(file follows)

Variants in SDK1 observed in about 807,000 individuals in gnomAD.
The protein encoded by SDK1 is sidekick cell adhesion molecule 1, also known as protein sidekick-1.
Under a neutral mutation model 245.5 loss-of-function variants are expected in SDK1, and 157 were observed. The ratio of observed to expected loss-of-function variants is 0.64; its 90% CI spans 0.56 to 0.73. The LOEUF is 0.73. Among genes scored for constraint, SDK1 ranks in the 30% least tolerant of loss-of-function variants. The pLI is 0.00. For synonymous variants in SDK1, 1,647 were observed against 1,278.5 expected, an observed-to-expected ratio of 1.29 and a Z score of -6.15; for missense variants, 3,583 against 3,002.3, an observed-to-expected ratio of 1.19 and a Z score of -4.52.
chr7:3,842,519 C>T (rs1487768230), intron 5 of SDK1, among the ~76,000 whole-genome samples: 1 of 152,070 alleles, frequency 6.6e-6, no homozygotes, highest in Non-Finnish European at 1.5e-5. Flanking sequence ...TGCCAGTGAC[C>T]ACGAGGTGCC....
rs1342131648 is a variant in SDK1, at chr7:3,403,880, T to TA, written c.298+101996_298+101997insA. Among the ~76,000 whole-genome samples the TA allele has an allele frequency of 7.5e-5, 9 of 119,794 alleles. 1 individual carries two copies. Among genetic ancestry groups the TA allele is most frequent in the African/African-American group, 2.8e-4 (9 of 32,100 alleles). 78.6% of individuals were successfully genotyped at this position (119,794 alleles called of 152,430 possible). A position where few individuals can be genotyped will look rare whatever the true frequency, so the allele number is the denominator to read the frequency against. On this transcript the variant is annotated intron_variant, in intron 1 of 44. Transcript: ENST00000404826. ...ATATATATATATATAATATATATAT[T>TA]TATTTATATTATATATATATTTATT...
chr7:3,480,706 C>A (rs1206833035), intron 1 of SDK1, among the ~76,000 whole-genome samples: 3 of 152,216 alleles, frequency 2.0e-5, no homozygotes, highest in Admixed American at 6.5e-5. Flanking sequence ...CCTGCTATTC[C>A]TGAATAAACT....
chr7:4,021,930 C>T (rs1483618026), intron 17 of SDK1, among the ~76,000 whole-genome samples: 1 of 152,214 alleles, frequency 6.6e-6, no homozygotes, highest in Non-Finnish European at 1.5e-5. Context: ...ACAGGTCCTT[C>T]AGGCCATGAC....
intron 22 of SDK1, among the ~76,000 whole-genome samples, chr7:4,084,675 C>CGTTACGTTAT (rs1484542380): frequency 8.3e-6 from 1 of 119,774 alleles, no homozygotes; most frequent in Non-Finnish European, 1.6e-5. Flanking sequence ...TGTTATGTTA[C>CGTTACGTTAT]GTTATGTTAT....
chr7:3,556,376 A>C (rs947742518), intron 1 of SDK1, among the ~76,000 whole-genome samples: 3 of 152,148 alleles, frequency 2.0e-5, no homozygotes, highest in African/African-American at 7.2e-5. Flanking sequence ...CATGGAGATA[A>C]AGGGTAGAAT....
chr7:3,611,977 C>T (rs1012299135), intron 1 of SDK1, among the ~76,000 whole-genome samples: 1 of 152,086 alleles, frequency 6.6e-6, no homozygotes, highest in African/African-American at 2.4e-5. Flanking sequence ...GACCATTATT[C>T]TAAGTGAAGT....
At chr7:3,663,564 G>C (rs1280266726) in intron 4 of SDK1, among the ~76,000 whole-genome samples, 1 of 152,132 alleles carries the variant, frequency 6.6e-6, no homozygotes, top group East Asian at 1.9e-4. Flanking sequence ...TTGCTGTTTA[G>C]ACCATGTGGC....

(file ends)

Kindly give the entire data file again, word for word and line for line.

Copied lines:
Variants in SDK1 observed in about 807,000 individuals in gnomAD.
The protein encoded by SDK1 is sidekick cell adhesion molecule 1, also known as protein sidekick-1.
Under a neutral mutation model 245.5 loss-of-function variants are expected in SDK1, and 157 were observed. The ratio of observed to expected loss-of-function variants is 0.64; its 90% CI spans 0.56 to 0.73. The LOEUF is 0.73. Among genes scored for constraint, SDK1 ranks in the 30% least tolerant of loss-of-function variants. The pLI is 0.00. For synonymous variants in SDK1, 1,647 were observed against 1,278.5 expected, an observed-to-expected ratio of 1.29 and a Z score of -6.15; for missense variants, 3,583 against 3,002.3, an observed-to-expected ratio of 1.19 and a Z score of -4.52.
chr7:3,842,519 C>T (rs1487768230), intron 5 of SDK1, among the ~76,000 whole-genome samples: 1 of 152,070 alleles, frequency 6.6e-6, no homozygotes, highest in Non-Finnish European at 1.5e-5. Flanking sequence ...TGCCAGTGAC[C>T]ACGAGGTGCC....
rs1342131648 is a variant in SDK1, at chr7:3,403,880, T to TA, written c.298+101996_298+101997insA. Among the ~76,000 whole-genome samples the TA allele has an allele frequency of 7.5e-5, 9 of 119,794 alleles. 1 individual carries two copies. Among genetic ancestry groups the TA allele is most frequent in the African/African-American group, 2.8e-4 (9 of 32,100 alleles). 78.6% of individuals were successfully genotyped at this position (119,794 alleles called of 152,430 possible). A position where few individuals can be genotyped will look rare whatever the true frequency, so the allele number is the denominator to read the frequency against. On this transcript the variant is annotated intron_variant, in intron 1 of 44. Transcript: ENST00000404826. ...ATATATATATATATAATATATATAT[T>TA]TATTTATATTATATATATATTTATT...
chr7:3,480,706 C>A (rs1206833035), intron 1 of SDK1, among the ~76,000 whole-genome samples: 3 of 152,216 alleles, frequency 2.0e-5, no homozygotes, highest in Admixed American at 6.5e-5. Flanking sequence ...CCTGCTATTC[C>A]TGAATAAACT....
chr7:4,021,930 C>T (rs1483618026), intron 17 of SDK1, among the ~76,000 whole-genome samples: 1 of 152,214 alleles, frequency 6.6e-6, no homozygotes, highest in Non-Finnish European at 1.5e-5. Context: ...ACAGGTCCTT[C>T]AGGCCATGAC....
intron 22 of SDK1, among the ~76,000 whole-genome samples, chr7:4,084,675 C>CGTTACGTTAT (rs1484542380): frequency 8.3e-6 from 1 of 119,774 alleles, no homozygotes; most frequent in Non-Finnish European, 1.6e-5. Flanking sequence ...TGTTATGTTA[C>CGTTACGTTAT]GTTATGTTAT....
chr7:3,556,376 A>C (rs947742518), intron 1 of SDK1, among the ~76,000 whole-genome samples: 3 of 152,148 alleles, frequency 2.0e-5, no homozygotes, highest in African/African-American at 7.2e-5. Flanking sequence ...CATGGAGATA[A>C]AGGGTAGAAT....
chr7:3,611,977 C>T (rs1012299135), intron 1 of SDK1, among the ~76,000 whole-genome samples: 1 of 152,086 alleles, frequency 6.6e-6, no homozygotes, highest in African/African-American at 2.4e-5. Flanking sequence ...GACCATTATT[C>T]TAAGTGAAGT....
At chr7:3,663,564 G>C (rs1280266726) in intron 4 of SDK1, among the ~76,000 whole-genome samples, 1 of 152,132 alleles carries the variant, frequency 6.6e-6, no homozygotes, top group East Asian at 1.9e-4. Flanking sequence ...TTGCTGTTTA[G>C]ACCATGTGGC....